Georgia head coach Mark Fox reacts to a call during the first half of an NCAA college basketball game, Saturday, Jan. 20, 2018, in Auburn, Ala. (AP Photo/Albert Cesare)
Photo: Albert Cesare/AP
Photo: Albert Cesare/AP

Can someone in this state please make college basketball mean something?

With its win Saturday over Georgia Southern, Georgia State men’s basketball recorded its 100th victory since the start of the 2013-14 season.

We know this because the Panthers publicity wing is keen on keeping count, and updates this figure like the Dow Jones does its industrial average. The school keeps such a strict accounting because it bears out that none of the other six Division 1 programs in the state have won as much over the last four-plus seasons.

Win totals for those programs since 2013-14, per the GSU chart, a Panthers game-note staple: Georgia State 100, Georgia 92, Mercer 89, Georgia Southern 82, Georgia Tech 80, Savannah State 58, Kennesaw State 45. 

Of course, Georgia State cherry-picked the period that cast the most favorable light on its urban campus. But the Panthers are rightfully proud of what they have done in their little walk-up gym that is too often under-populated (coach Ron Hunter made another impassioned plea for someone, anyone, to pay attention after a rare big turnout Saturday).

That chart also reminds us that certain larger programs, the ones with all the resources, the ones that should have all the access to this state’s athletic wealth, have failed to take any kind of lead in the sport. They have done painfully nothing to give college basketball a fighting chance to compete for affections against the state’s official, 11-on-11 sport. No, the occasional quaint NIT tournament run doesn’t count in the long run. 

The only NCAA tournament wins by a state team since 2010 – the last time Tech was in the Big Dance – have belonged to Mercer and Georgia State. They were dramatic, Mercer upsetting Duke in 2014 and Georgia State beating Baylor on a shot from another galaxy by the coach’s kid the following year. These are the embers that must keep us warm through another season of faint prospect. 

On the same weekend that Georgia State added to his recent victory stash, Georgia imploded at Auburn. Tech continued to have trouble digesting the meat of its ACC schedule, losing at North Carolina. The Bulldogs were thought to have a postseason look to them, but they are 3-4 in the SEC now and are putting together a porous tournament resume, made mostly of cheesecloth.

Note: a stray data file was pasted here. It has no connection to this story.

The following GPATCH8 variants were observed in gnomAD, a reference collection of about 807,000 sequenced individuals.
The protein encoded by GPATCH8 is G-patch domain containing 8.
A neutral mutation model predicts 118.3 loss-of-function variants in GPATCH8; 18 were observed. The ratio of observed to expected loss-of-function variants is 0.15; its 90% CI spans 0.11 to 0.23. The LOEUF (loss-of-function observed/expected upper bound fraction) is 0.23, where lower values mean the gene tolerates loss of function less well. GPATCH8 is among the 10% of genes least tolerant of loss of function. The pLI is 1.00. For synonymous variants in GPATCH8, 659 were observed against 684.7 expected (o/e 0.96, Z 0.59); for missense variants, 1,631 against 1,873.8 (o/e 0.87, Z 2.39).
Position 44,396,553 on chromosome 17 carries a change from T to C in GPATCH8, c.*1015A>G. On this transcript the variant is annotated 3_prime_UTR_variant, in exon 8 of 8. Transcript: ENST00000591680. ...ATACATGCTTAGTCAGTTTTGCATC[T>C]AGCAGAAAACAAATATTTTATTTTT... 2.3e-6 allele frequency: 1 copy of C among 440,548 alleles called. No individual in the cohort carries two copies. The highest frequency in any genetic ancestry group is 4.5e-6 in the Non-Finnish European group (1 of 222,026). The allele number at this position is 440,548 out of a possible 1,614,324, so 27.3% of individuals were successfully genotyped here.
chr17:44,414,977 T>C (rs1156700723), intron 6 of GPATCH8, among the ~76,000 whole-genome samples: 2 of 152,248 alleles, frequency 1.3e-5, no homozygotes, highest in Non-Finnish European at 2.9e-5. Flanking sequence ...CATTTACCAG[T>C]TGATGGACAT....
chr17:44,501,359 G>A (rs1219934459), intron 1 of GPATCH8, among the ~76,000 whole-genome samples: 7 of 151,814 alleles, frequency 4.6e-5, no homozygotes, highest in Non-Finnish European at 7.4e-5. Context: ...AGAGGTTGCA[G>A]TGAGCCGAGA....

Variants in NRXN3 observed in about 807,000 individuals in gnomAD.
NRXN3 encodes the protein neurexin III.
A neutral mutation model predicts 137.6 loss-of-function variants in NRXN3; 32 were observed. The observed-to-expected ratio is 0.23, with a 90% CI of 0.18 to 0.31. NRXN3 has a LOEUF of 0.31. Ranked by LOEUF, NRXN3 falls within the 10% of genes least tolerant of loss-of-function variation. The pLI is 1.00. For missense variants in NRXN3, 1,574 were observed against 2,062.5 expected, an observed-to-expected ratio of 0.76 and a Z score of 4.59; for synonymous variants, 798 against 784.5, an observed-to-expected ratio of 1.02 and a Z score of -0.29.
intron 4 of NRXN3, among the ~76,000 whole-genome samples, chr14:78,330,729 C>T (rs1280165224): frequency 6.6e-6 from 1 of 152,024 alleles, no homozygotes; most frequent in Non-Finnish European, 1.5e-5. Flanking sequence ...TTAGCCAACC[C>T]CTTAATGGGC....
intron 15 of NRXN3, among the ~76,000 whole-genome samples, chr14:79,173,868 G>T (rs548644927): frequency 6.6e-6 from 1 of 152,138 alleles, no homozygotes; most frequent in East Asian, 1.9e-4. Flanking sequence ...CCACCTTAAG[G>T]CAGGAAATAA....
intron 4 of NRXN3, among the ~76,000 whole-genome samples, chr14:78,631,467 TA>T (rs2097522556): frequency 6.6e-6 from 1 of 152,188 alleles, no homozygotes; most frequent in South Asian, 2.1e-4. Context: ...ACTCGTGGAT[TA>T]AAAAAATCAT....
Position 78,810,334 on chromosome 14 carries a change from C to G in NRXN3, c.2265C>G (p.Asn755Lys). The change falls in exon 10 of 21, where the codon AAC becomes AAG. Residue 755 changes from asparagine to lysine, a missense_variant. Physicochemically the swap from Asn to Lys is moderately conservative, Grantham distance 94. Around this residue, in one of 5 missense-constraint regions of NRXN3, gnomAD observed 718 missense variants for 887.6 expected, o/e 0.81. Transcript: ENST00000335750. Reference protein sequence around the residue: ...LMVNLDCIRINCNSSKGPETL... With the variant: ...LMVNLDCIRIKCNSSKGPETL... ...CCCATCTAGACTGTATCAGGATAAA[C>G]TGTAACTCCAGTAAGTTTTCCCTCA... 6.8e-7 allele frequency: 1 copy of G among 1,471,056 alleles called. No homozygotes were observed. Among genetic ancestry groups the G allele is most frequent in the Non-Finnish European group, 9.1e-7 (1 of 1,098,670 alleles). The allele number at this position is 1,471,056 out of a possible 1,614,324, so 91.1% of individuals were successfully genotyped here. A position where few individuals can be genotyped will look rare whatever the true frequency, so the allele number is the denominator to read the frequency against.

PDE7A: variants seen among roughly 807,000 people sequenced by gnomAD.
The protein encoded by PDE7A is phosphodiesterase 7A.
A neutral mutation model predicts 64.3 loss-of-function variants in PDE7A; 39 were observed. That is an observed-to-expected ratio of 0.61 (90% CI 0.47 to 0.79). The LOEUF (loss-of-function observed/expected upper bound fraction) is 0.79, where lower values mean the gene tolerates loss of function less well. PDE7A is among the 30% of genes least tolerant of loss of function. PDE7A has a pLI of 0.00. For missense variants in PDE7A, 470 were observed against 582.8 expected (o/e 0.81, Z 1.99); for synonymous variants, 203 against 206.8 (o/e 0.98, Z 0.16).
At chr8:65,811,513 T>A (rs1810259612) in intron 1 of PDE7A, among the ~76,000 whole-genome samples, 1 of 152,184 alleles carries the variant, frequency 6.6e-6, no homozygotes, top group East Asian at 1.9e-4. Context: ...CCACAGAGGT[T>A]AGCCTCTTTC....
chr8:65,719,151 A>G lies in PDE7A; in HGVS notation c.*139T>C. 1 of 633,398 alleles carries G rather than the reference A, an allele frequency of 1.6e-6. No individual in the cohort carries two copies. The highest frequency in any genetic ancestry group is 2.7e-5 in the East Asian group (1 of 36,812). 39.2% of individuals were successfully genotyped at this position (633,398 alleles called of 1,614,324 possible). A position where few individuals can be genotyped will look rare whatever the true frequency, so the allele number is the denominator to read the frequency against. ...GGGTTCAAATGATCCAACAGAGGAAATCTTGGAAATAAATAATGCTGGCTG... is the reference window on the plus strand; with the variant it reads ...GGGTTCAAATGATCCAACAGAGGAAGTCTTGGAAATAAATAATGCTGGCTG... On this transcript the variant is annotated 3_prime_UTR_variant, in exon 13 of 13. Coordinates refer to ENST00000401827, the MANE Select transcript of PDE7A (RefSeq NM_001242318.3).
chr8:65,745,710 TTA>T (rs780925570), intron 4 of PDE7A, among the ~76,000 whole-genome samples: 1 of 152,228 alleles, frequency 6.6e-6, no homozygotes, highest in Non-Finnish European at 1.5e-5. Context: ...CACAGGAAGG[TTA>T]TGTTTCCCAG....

If not the ‘Dogs, Georgia State, winners of their last five, may yet turn out to be the best hope to crack the field of 68. And what a tenuous proposition that is, built upon the idea that the current third-place team in the Sun Belt can survive the conference tournament. 

There’s a South Regional coming to Atlanta this year. And another Final Four headed this way in couple years. There’s this big party going on, and the hosts somehow always seem to be only financially connected to it, seldom emotionally.

This season is particularly inviting to all comers. There are no unbeatens among the top 25, no clearly dominant team. But not so wide open that a single bunch from Georgia can be considered a bona fide tournament contender at this moment.  

For local lovers of this sport – and it is a great one, despite the federal investigations and the one-and-done hypocrisies – this is about the time of year when they start to accept that March is going to be someone else’s fun. The realization has become almost a reflex by now.

I had already begun the acceptance process. Then, I saw that darn Georgia State chart, and it set me on edge all over again. 

Beyond frustrating, it’s maddening to be so routinely excluded from the madness. To, beyond any reasonable explanation, be so irrelevant to big, rollicking world of college basketball.

I have come today to offer no solutions, just a heavy sigh. 

About the Author

Steve Hummer
Steve Hummer
Steve Hummer writes sports features for The Atlanta Journal-Constitution. He covers a wide range of sports and topics.